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Toliver v. City of New York

United States District Court, S.D. New York

March 24, 2014

MICHEL TOLIVER, Plaintiff,
v.
THE CITY OF NEW YORK, THE STATE OF NEW YORK, THE NEW YORK CITY POLICE DEPT. HDQ, S.O.M.U. NEW YORK CITY POLICE DEPT., DIVISION OF CRIMINAL JUSTICE SERVICES, D.C.J.S. MANAGER PAMELA GAITOR, D.C.J.S. DIRECTOR DONNA CALL, COMMISSIONER OF N.Y.P.D., SOMU DETECTIVES OLMO, SANCHEZ, NEWKIRK, PERRI, FOUNTOULAKIS, SERGEANT JAMES DONOHUE, WENDY SANTIAGO, SERGEANT HERZBERG, NEW YORK STATE DIVISION OF PAROLE, POLICE OFFICER ELLEN SEELIGER Shield #8931, 20th PRECINCT N.Y.P.D., DETECTIVE JIMMY ANGOTTA, SOMU OFFICE NEW YORK CITY, Defendants.

ORDER ADOPTING REPORT & RECOMMENDATION

PAUL A. CROTTY, District Judge.

Pro se Plaintiff Michel Toliver ("Plaintiff") brings this 42 U.S.C. § 1983 action against Detectives Jose Olmo and Carlos Sanchez (the "Defendants") of the New York City Police Department ("NYPD") Sex Offender Monitoring Unit ("SOMU"), alleging that on March 18, 2009, he was subject to a false arrest for failing to register as a sex offender in violation of the Sex Offender Registration Act, N.Y. Corr. Law § 168 et seq. ("SORA").[1] Toliver alleges Defendants arrested him without a warrant or probable cause.

On June 21, 2013;, Defendants moved for summary judgment. Magistrate Judge Francis granted Plaintiff two extensions of time to submit an opposition brief, but Plaintiff failed to submit one. On November 14, 2013, Magistrate Judge Francis held a hearing on Defendants' motion for summary judgment to clarify whether the information Defendants relied upon to arrest Plaintiff established probable cause. On December 13, 2013, Magistrate Judge Francis issued a Report & Recommendation ("R&R") recommending the Court grant Defendants' motion.

Plaintiff objects to Magistrate Judge Francis's R&R: (1) Plaintiff was prejudiced with respect to the November 14, 2013 hearing because he did not receive notice until one day prior and did not have enough time to prepare for cross-examination of witnesses; (2) the facts in the record do not support a finding of probable cause; and (3) the Defendants have not offered any evidence of communications between each other sufficient to show that their collective knowledge supported a finding of probable cause. Defendants urge the Court to adopt Magistrate Judge Francis's R&R.

For the reasons that follow, the Court adopts Magistrate Judge Francis's R&R in its entirety. Accordingly, the Court grants Defendants' motion for summary judgment.

DISCUSSION[2]

I. Legal Standards

A. Review of Magistrate Judge Francis's R&R

In reviewing a report and recommendation, a court "may accept, reject, or modify, in whole or in part, the findings or recommendations made by the magistrate judge." 28 U.S.C. § 636(b)(1)(C). Where a party makes a timely written objection, the district court must review the contested issues de novo. See Arista Records LLC v. Doe, 604 F.3d 110, 116 (2d Cir. 2010) ("any part of the magistrate judge's recommendation that has been properly objected to must be reviewed by the district judge de novo."); Greene v. WCI Holdings Corp., 956 F.Supp. 509, 513 (S.D.N.Y. 1997). Nonetheless, where a party "makes only conclusory or general objections, or simply reiterates the original arguments, the Court will review the Report strictly for clear error." Pinkney v. Progressive Home Health Servs., No. 06 Civ. 5023 (LTS) (JCF), 2008 WL 2811816, at *1 (S.D.N.Y. July 21, 2008). "[E]ven a pro se party's objections to a Report and Recommendation must be specific and clearly aimed at particular findings in the magistrate's proposal, such that no party be allowed a second bite at the apple' by simply relitigating a prior argument." Id. (citation omitted)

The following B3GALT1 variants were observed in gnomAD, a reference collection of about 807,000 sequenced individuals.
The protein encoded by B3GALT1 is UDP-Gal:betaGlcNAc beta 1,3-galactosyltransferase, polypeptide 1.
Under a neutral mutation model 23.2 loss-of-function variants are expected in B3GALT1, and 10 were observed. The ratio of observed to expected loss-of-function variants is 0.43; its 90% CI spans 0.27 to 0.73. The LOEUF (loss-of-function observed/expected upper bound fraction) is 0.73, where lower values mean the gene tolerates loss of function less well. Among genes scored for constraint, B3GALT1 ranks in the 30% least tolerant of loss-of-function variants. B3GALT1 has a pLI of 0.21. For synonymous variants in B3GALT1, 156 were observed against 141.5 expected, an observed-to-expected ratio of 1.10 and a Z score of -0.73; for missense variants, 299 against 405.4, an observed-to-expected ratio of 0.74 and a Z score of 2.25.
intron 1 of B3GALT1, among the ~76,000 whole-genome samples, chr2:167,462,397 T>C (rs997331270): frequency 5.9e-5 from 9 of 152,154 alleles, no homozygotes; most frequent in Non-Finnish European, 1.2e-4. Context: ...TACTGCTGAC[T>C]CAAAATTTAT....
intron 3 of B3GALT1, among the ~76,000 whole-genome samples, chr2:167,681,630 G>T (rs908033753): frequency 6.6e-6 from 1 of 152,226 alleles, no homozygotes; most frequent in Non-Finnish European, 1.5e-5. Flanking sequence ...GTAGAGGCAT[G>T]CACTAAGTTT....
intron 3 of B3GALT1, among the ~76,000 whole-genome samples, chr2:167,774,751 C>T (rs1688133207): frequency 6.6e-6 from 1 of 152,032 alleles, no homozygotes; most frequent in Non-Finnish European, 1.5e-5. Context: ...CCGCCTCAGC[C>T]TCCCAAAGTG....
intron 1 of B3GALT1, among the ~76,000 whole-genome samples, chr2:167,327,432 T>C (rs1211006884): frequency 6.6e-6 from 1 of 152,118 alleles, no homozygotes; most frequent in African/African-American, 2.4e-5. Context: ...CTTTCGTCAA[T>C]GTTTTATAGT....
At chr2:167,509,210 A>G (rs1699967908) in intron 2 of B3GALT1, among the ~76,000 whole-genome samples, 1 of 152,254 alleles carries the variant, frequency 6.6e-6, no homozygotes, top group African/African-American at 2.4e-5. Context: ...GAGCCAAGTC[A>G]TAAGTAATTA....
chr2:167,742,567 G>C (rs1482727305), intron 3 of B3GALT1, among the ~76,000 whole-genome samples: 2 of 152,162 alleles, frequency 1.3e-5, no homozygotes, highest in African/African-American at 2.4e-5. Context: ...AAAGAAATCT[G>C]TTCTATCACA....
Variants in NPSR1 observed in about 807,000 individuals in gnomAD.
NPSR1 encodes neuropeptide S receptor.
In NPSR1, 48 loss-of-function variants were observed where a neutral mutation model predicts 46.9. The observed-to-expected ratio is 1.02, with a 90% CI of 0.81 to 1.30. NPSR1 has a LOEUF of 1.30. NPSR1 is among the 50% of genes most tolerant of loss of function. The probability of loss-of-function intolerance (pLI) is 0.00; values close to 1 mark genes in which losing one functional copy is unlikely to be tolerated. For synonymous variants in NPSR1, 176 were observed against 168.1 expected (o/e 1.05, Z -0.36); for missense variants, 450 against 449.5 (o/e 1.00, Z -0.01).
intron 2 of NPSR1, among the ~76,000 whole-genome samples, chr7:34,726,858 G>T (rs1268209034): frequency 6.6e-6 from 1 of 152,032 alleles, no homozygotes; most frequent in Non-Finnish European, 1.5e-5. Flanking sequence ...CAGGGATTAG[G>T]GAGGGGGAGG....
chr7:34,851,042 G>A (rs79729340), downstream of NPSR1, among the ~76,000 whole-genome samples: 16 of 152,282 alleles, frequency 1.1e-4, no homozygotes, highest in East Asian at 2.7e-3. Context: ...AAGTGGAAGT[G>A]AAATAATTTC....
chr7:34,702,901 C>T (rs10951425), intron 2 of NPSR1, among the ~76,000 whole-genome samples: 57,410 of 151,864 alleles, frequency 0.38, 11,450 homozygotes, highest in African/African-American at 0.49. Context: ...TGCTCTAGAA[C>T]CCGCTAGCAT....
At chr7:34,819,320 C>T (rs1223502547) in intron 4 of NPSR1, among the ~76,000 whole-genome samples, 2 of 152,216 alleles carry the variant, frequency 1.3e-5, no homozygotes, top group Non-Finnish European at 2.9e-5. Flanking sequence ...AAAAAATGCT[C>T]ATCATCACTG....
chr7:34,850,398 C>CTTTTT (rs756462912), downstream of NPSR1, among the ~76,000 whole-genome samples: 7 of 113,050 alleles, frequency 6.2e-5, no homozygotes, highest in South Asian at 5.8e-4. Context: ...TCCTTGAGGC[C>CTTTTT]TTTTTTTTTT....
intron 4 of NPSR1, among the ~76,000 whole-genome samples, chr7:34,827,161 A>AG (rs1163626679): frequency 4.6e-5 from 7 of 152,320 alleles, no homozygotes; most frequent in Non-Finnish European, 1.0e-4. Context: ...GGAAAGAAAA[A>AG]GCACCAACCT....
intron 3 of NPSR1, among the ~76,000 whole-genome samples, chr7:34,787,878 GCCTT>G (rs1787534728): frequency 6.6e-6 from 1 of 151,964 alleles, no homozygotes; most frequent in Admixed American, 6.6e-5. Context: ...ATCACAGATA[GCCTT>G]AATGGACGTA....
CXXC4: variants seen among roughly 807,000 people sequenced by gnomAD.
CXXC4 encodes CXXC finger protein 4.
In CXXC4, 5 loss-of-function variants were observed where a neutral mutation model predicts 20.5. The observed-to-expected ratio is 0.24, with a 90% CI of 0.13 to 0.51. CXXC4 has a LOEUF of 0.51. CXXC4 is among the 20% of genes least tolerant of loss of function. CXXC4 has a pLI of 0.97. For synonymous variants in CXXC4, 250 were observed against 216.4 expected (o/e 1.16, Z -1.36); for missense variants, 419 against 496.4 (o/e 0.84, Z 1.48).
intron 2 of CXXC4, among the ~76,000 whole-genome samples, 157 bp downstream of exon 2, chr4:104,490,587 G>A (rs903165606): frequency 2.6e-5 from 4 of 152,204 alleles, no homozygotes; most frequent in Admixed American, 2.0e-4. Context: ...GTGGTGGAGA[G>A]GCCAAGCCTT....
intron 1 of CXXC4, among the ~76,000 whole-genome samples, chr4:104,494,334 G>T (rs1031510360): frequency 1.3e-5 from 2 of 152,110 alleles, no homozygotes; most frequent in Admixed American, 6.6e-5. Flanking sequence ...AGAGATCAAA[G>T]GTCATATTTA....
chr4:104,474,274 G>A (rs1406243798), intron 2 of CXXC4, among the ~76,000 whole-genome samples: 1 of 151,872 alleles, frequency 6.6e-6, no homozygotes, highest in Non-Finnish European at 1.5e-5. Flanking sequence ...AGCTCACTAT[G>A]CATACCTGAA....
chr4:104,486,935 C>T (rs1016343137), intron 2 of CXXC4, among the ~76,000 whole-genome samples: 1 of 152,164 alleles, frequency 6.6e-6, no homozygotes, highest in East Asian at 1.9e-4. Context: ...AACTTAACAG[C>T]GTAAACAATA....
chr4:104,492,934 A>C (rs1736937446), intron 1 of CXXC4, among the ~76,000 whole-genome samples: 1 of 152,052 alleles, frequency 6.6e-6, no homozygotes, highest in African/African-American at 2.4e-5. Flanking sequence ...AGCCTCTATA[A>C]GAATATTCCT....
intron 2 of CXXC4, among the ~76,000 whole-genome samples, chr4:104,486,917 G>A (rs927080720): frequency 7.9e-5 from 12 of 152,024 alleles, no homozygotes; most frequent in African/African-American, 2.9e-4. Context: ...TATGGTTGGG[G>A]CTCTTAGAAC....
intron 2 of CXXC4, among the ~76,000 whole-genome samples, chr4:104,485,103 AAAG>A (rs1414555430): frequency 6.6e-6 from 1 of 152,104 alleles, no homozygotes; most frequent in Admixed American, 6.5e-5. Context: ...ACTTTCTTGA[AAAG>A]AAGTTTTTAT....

B. Summary Judgment

Pursuant to Rule 56 of the Federal Rules of Civil Procedure, "[s]ummary judgment is appropriate when, construing the evidence in the light most favorable to the non-moving party, there is no genuine dispute as to any material fact and the movant is entitled to judgment as a matter of law.'" Rojas v. Roman Catholic Diocese of Rochester, 660 F.3d 98, 104 (2d Cir. 2011) (quoting Fed.R.Civ.P. 56(a)). The moving party bears the initial burden of producing evidence on each material element of its claim demonstrating that it is entitled to relief. See Celotex Corp. v. Catrett, 477 U.S. 317, 323 (1986). Once the moving party has made an initial showing that no genuine dispute of material fact remains, the nonmoving party must present specific evidence in support of its contention that there is a genuine dispute as to material facts. Fed.R.Civ.P. 56(c). Conclusory or speculative allegations, however, are insufficient. See Niagara Mohawk Power Corp v. Jones Chern., Inc., 315 F.3d 171, 175 (2d Cir. 2003). The Court must resolve all ambiguities and draw all factual inferences in favor of the nonmovant, but "only if there is a genuine' dispute as to those facts." Scott v. Harris, 550 U.S. 372, 380 (2007). The Court must "read [ pro se plaintiffs] supporting papers liberally, and... interpret them to raise the strongest arguments that they suggest.'" Perry v. Stephens, 659 F.Supp.2d 577 (S.D.N.Y. 2009) (quoting Burgos v. Hopkins, 14 F.3d 787, 790 (2d Cir. 1994)).

II. Analysis

The Court has reviewed the record, including the parties' submissions, the R&R, and Plaintiffs objections.[3] Because Plaintiff objects to specific factual findings in the ...


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